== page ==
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POLS 2940 (30)


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York University
Political Science
POLS 2940
Sandra Withworth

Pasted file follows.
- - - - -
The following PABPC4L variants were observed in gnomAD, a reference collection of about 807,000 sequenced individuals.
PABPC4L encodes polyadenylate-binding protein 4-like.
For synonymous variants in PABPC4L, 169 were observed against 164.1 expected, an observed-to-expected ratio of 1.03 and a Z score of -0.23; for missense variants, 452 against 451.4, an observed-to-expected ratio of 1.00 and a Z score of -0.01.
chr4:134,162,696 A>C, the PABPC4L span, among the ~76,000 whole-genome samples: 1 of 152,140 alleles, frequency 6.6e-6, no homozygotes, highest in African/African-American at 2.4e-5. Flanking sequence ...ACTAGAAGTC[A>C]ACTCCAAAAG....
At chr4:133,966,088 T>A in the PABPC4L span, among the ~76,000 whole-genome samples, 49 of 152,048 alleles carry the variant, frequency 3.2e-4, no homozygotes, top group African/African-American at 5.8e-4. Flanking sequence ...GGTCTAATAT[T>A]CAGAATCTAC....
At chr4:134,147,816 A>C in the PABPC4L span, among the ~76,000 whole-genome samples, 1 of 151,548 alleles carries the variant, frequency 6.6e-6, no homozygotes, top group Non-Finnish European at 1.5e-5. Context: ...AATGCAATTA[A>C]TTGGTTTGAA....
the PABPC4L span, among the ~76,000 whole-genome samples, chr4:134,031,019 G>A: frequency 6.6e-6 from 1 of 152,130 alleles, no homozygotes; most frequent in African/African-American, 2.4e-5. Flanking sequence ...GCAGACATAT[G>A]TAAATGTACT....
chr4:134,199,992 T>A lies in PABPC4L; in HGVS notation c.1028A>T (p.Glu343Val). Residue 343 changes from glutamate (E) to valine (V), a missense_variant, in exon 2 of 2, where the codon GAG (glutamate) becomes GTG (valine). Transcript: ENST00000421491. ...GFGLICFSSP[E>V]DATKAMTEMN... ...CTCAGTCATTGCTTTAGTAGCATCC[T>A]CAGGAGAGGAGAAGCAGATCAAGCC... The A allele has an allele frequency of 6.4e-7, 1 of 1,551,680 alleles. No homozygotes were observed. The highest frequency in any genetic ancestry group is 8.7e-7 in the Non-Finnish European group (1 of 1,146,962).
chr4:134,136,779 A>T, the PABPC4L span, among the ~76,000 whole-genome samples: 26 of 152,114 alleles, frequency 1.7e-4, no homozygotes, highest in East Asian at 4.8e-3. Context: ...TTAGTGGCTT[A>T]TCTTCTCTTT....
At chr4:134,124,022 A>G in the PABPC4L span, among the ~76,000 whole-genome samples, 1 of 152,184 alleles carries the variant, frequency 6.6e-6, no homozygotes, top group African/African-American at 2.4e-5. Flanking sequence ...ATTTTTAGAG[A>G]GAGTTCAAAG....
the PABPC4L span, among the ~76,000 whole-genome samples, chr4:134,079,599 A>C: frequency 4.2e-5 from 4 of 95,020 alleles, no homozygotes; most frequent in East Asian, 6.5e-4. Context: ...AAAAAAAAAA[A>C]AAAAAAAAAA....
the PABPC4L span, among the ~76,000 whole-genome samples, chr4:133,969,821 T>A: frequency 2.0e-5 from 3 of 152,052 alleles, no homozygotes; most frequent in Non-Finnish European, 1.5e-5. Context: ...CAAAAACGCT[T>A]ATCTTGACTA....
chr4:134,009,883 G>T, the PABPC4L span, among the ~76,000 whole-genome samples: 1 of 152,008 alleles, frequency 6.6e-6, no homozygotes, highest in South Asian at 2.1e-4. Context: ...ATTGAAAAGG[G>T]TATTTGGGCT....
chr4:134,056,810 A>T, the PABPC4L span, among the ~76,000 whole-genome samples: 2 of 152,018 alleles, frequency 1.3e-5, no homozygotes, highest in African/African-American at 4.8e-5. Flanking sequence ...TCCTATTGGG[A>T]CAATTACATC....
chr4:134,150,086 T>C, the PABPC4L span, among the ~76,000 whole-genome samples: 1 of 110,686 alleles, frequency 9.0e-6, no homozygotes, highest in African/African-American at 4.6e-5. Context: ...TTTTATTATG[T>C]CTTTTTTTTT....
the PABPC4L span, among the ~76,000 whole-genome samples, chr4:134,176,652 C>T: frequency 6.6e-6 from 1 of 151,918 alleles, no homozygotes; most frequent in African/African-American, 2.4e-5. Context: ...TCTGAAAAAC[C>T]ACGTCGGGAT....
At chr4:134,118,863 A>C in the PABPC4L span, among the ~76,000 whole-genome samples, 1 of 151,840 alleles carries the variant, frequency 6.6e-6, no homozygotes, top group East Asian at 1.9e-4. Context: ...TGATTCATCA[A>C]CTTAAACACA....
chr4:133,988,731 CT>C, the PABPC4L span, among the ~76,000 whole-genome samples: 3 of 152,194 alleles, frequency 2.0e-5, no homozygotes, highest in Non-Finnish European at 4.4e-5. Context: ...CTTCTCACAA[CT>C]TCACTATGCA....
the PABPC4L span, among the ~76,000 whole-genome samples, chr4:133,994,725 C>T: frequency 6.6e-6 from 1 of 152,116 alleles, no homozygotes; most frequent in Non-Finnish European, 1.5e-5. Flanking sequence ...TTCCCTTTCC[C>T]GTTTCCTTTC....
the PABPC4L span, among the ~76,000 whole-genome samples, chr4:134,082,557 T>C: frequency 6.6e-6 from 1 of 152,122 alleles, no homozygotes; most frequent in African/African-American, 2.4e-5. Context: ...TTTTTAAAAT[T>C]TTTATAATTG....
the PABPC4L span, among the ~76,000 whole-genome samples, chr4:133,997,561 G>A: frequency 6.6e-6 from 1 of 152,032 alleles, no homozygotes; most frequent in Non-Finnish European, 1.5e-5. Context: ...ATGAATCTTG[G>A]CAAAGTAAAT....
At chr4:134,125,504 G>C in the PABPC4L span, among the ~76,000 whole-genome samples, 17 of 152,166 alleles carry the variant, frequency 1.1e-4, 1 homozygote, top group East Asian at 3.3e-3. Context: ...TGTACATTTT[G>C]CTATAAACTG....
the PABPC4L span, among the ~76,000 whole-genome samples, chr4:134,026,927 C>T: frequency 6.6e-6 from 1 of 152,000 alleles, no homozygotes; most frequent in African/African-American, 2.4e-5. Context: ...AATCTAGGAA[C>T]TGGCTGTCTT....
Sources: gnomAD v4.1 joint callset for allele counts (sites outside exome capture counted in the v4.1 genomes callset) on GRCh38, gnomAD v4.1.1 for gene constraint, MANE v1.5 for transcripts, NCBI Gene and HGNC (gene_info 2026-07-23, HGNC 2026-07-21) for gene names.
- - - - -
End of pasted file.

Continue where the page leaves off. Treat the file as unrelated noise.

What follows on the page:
INTERNATIONAL RELATIONS – 3  CDN EDITION  RD SAHAR O Introduction 1: The Study of IR and Daily Life International relations (IR) – the relationships among the world’s state governments and the connection of those relationships with other actors (such as the United Nations, multinational corporations and individuals), with other social relationships (including economics, culture, and domestic politics) and with geographic and historical influences. Globalization is internationalizing us IR as a Field of Study Very first chair of international relations was established at the University of Wales in 1919, with the creation of programs, university departments and research institutes all focused on developing expertise in the study of global-level politics. IR is about politics as the global level – the decisions of governments concerning their actions toward other governments, the activities of international institutions, global trade and armed conflict, protest movements, international financial institutions, environmental issues, global trafficking in minerals or people and international human rights. IR: the domestic politics of foreign countries also known as comparative politics. It overlaps with IR to an extent that domestic politics influences foreign policy in many countries and many are involved in both local-level and global-level politics. For example: people in businesses, non-governmental organizations, and social movements, so on. International security – a subfield of international relations that focuses on questions of war and peace International political economy (IPE) – the study of politics of trade, monetary and other economic relations among nations, and their connection to other transnational forces. Scholars study trade and financial relations among nations and international institutions that support these relations. Theories Descriptive – seeks to describe how particular forces and actors operate to bring about a particular outcome Theoretical – place the particular event in the context of a more general pattern applicable across many cases Three broad theoretical perspectives or paradigms: realist, liberal-pluralist, and critical A paradigm, means a group of theories that (1) share a vision of what the world looks like (what); (2) share some sense of what to study in that world (states? Transnational organizations or businesses? Social movements? Economic classes?) (why); (3) share certain values about the purpose or goal of theorizing about global-level politics (how). Within each, there is a general shared consensus about what the world looks like, what we should study in that world and what our purpose or goals are in making theory in IR Realist The realist paradigm sees the world as characterized primarily by conflict Realists believe that most important actors in world politics are states and state decision-makers Purpose of theorizing is to provide insight to help guide decision-makers as they try to deicide what they must do on the global stage Generally values maintenance of the status quo and discounts the element of large- scale change in IR Focuses on the laws of power politics Realist perspectives find their most fertile ground in the subfield of international security, with its logic of military power Relative position with regard to other states is more important than the absolute condition of a state Only truly believe in the state, anarchy and pessimistic Realist perspectives tend to see conflict – or the potential for conflict – as the natural order of things See international trade as a potential source of national power, a view expressed in IPE as mercantilism (the accumulation of national war chest, or the equivalent through control of trade) Liberal-Pluralist The liberal-pluralist paradigm sees the world as characterized more by cooperative relations than conflicting ones They believe we should look at the activities of states and the many other actors involved in global politics: individuals, multinational corporations, international institutions and nongovernmental organizations The purpose of theorizing is to provide practical advise, but not only to state decision makers; rather advice can be provided to any of the actors in global politic
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